Talk about the high cost of rent, and transportation, especially for those off campus, food, books, studies and research, some persons are dropping out. I know some for real.”

Students at receiving end of economic crunch, says NANS

The President of the National Association of Nigerian Students, NANS, Comrade Lucky Emonefe, said it was unfortunate that students are at the receiving end of the economic crunch in the country.

“The condition of many students on campus is pathetic. In a number of instances, students have embarked on crowdfunding to help their colleagues. But that is limited because the students trying to help are under pressure too.

‘’Despite the directive by the federal government that school managements should put on hold further increase in fees, some vice chancellors are not heeding that.

“Some VCs are callous and no one should compound the woes of other fellows. We may have to storm some campuses and put a halt to fee hike. We appeal to the government and everybody to make life bearable and worth living for students, the situation is bad,” he said.

Students dropping out will exacerbate insecurity- ASUU, NAPTAN

The National President of the Academic Staff Union of Universities, ASUU, Prof. Emmanuel Osodeke, blamed the country’s leaders for the situation, saying they were focusing on themselves at the expense of the masses.
He added that tertiary institution students dropping out of school could aggravate the security challenges in the country.

“Our leaders should start to think about the people and not about themselves only. Look at the way this year’s federal budget was handled by the National Assembly, they reduced the budget for the Humanitarian Affairs Ministry and increased their own.

‘’The budget to renovate toilets and other conveniences in the National Assembly was set at over N30 billion by the NA, while the budget approved for UNILAG, one of the biggest universities in the country, was just about N2 billion.

“It means that the budget for NA toilets and conveniences is more than the budgets of 10 universities put together. In which serious country is that done? Look at the average Nigerian, many of whom are on N30,000 minimum wage, how do they survive?

‘’A lot of students are dropping out of school and they are not just fools, they are intelligent people. If such students take to crime, one can imagine what will happen. We are sad when we see our students dropping out of school and we are also under constant pressure from students to assist.

“Some of them are very brilliant and no teacher would be happy to see such students stopping their education. That is why as a union, we instituted scholarship scheme across our branches for indigent students but how many can we help? We are toying with out future in this country and I am afraid of what the future has in store for us as a nation.”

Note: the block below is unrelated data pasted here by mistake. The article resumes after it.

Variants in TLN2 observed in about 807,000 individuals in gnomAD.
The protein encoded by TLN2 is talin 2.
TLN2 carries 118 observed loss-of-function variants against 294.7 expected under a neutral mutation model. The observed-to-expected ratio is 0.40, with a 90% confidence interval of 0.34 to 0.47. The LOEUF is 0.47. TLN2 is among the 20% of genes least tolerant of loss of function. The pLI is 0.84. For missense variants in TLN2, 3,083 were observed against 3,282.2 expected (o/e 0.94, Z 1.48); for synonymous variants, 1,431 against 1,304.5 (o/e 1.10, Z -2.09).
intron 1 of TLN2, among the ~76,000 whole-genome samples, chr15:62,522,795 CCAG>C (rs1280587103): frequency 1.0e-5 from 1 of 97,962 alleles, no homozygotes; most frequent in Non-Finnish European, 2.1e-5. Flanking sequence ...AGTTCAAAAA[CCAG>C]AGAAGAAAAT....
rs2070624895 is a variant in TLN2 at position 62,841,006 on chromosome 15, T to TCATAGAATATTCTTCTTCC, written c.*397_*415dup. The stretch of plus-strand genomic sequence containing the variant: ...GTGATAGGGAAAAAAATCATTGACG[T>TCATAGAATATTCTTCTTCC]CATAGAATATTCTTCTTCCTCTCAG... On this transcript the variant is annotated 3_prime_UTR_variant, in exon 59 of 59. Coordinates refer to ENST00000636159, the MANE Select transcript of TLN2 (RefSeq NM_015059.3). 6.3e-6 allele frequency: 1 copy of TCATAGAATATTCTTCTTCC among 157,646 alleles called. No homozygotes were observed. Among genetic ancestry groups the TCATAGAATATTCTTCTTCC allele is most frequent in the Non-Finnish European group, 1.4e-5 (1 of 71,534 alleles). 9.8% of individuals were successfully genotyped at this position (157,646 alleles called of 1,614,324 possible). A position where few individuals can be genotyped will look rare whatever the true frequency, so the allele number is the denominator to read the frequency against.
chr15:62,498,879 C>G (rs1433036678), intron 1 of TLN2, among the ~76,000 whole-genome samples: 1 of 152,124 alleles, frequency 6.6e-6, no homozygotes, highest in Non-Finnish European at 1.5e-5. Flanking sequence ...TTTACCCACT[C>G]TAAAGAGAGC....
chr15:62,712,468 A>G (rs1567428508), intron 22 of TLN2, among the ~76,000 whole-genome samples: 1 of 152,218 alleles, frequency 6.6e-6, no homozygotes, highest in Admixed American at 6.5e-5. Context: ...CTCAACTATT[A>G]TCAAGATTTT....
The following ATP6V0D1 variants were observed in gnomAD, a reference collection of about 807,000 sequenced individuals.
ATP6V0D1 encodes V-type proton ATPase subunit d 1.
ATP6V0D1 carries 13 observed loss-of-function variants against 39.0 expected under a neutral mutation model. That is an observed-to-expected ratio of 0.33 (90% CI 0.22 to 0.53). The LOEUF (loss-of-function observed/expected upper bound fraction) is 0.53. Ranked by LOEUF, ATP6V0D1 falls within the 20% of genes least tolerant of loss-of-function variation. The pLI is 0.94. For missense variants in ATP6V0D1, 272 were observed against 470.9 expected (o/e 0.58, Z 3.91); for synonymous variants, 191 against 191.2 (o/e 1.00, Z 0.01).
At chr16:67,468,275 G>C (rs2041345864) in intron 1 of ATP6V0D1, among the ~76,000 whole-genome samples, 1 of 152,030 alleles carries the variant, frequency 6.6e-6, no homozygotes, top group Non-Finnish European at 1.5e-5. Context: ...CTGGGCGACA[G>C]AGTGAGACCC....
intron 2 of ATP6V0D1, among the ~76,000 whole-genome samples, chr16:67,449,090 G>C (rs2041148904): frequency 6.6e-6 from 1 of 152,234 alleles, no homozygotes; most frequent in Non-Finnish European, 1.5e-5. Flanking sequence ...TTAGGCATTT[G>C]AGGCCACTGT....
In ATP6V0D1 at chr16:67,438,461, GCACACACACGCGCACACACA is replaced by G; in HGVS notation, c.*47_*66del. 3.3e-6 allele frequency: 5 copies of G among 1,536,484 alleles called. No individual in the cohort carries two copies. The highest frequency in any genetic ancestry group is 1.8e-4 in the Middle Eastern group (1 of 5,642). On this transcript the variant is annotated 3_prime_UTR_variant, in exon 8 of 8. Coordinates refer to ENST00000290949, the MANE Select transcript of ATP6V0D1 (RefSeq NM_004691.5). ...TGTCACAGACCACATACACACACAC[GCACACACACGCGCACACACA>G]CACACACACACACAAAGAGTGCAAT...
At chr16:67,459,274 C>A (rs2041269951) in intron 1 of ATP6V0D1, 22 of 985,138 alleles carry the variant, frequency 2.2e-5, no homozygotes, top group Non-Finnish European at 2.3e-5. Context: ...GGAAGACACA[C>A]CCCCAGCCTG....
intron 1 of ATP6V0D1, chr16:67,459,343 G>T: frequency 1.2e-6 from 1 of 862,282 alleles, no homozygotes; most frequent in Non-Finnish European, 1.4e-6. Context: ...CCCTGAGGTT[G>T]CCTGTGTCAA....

The National President of the National Parent Teacher Association of Nigeria, NAPTAN, Alhaji Haruna Danjuma, urged the government to declare a state of emergency in the education sector.

“What we have now is that parents cannot adequately cater for their children, and the children cannot cater for themselves too. The government should just declare a state of emergency in the sector. ‘’Students are dropping out of school in droves. They cannot feed well. How much can a parent give his child now that will be sufficient, with this high cost of living?. The situation is very bad.

“It goes beyond student loan scheme. Assuming you give every student loan, does that cover feeding, transport, buying books and other things like field trips for those who have to do that?
‘’Over 60 per cent of parents cannot support their wards. And such intelligent people dropping out of school would not see the society as treating them well and they may be vicious if they go into crime.”

Agony of a typical parent

In an interview with Vanguard, a concerned parent, Mr. Bode Akinbode, said: “It is heartbreaking to see my children go to school hungry every day.

“They can’t learn if they’re not fed, but we simply can’t afford to give them the meals they need. We’re doing our best, but it’s not enough.

“We want the government to do something about this. Education is a basic human right, and our children deserve to be educated.”

We’re taking steps for make life better— FG

While reacting to the development, the Federal Ministry of Education, through the Director of Public Affairs, Mr Ben Goong, said the government is taking steps to make life better for Nigerians generally.

“ You cannot divorce the cost of living in the society generally from what happens on campuses. The government has instituted the Student Loan Scheme which will soon take off and students are the beneficiaries. Issues relating to transportation, and feeding among others affect the society at large. Therefore, what the government is doing is to make life better for the citizens generally. Students are also members of the society and when things are better and easier for all, they will also benefit,” he said.